The Odyssey Model


UW-Madison Chancellor David Ward speaking to the Odyssey class of 2012

 

The UW Odyssey Project helps adults overcome adversity and achieve dreams through higher education. Recognizing a change in self-worth as a crucial step in breaking the cycle of poverty, the Odyssey Project first offers an empowering course in the humanities designed to help students recognize their own gifts. Next the Project helps its graduates confront the many obstacles they face as they continue their educational journey toward becoming self-relaint, contributing members of society.

Part I: The Odyssey Course. Each year, the Odyssey Project offers thirty adults near the poverty level a free two-semester college course in the humanities bringing about a profound transformation in their sense of inner worth. After engaging in lively discussions of literature, philosophy, history, and art history and receiving intensive help with reading comprehension, critical thinking, and writing, students find a voice, gain confidence, and discover a newfound sense of hope and empowerment about their futures. Students who complete the course report that they feel better about themselves, have more hope about their futures, become more active in their communities, read more, and improve their abilities as parents, even if they have not yet escaped poverty. “The world may still see me as poor, but I am rich in knowledge and wisdom,” wrote one student at the end of the year. The Odyssey Project asserts that this inner transformation offers a critical though insufficient step towards overcoming poverty.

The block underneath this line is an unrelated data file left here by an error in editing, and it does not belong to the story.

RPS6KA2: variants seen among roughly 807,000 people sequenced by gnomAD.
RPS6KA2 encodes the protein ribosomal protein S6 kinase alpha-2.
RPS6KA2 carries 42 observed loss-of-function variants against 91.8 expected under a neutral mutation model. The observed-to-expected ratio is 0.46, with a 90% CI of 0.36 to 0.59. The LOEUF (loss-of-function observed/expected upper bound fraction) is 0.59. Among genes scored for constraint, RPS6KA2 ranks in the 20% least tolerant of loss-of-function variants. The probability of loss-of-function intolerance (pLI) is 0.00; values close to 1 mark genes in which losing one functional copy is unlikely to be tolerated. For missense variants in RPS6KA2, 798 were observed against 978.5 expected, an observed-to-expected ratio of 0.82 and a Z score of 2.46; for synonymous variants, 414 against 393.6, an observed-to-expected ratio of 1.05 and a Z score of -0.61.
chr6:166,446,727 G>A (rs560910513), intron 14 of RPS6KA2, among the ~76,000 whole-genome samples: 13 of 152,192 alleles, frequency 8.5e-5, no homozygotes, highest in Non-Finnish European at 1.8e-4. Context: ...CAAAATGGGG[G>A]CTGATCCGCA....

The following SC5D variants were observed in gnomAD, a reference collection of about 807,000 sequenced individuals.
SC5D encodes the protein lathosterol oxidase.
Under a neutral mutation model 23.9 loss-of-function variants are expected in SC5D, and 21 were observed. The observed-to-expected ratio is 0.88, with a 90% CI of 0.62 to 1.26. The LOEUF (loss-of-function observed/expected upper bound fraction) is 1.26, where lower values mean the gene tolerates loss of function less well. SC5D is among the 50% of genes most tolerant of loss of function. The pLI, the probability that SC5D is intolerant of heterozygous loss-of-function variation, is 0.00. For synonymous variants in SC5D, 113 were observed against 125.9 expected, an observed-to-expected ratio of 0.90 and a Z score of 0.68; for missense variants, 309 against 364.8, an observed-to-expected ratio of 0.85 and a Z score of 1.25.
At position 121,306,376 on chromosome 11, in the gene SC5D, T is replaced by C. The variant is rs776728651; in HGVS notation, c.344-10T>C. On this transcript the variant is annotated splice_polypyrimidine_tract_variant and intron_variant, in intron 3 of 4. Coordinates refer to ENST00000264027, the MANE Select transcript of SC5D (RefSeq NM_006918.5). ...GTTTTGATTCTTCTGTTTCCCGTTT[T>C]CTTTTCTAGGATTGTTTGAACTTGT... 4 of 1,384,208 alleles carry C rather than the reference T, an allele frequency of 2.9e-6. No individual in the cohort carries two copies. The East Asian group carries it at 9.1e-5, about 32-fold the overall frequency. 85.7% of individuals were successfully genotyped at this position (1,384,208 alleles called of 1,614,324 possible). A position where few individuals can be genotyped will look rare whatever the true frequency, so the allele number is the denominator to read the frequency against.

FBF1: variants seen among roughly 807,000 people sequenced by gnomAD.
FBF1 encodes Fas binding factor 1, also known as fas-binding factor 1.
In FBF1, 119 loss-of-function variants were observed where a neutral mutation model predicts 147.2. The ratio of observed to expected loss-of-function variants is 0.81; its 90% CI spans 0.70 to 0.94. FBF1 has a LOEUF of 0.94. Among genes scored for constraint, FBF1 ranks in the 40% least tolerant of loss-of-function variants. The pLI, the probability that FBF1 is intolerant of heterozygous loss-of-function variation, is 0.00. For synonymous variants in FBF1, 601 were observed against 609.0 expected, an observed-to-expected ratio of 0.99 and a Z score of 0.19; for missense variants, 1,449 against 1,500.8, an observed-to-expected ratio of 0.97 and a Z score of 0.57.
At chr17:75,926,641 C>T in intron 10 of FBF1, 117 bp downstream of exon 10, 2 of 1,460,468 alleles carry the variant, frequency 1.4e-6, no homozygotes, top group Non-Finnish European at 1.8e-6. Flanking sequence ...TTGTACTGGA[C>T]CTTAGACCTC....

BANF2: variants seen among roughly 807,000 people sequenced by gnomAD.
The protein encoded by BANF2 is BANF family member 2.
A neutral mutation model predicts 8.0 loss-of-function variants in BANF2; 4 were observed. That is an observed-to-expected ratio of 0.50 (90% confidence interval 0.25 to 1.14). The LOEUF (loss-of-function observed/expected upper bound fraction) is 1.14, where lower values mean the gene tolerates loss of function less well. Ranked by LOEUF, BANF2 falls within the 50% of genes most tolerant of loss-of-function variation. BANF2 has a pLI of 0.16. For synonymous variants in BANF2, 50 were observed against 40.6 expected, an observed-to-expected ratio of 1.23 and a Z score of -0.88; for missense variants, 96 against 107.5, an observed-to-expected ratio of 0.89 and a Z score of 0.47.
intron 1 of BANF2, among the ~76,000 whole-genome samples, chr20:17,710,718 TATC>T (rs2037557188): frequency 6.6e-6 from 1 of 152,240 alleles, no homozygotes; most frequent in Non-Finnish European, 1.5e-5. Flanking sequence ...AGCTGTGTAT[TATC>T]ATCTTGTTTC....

Part II: Continuing studies. Following completion of the two-semester course, approximately two thirds of Odyssey Project students continue on in college but continue to face obstacles. The second part of the Odyssey Project’s mission is thus to help provide its motivated graduates with encouragement, advising, referrals, and practical assistance as they journey toward degrees and better lives for themselves and their families. Through the help of donations and grants, the Odyssey Project has been able to help students bridge the gap between homelessness and UW degrees, to move from incarceration, addiction, and depression to meaningful work in the community as police officers, nurses, teacher aides, and counselors, giving back to the community that helped give them a jumpstart on higher education.